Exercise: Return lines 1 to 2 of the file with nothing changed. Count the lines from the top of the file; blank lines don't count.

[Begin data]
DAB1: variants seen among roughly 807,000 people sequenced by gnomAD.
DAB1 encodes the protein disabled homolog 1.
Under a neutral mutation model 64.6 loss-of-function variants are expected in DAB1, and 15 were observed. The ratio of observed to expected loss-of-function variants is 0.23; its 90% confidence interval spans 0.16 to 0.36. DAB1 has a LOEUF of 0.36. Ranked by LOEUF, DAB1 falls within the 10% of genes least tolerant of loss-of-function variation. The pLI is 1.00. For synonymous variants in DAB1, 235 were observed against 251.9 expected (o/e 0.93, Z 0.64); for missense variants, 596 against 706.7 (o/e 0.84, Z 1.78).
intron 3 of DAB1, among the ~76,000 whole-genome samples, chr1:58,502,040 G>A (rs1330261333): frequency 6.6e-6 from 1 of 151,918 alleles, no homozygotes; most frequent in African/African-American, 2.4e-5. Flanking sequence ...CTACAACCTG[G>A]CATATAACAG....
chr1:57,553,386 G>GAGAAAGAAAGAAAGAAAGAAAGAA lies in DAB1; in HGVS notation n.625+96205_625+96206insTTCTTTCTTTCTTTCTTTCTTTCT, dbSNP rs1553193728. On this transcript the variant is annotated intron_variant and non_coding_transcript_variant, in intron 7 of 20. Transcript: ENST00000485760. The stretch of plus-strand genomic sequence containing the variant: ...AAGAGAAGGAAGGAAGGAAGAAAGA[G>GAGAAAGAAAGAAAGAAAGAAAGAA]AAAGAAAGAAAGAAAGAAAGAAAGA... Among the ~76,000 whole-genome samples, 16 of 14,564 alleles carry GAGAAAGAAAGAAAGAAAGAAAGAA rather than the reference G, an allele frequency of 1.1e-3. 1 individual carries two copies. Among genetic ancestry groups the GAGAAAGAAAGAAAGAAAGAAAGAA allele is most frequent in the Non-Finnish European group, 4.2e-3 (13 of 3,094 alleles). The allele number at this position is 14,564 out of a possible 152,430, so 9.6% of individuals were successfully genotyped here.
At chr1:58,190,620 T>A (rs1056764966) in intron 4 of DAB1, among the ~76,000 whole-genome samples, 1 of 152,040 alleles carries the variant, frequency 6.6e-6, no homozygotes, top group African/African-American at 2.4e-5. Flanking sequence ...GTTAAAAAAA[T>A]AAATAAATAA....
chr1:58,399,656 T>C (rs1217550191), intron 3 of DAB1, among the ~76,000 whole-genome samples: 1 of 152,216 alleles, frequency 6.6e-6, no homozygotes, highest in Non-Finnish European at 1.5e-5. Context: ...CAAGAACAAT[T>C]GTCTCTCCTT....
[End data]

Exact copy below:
DAB1: variants seen among roughly 807,000 people sequenced by gnomAD.
DAB1 encodes the protein disabled homolog 1.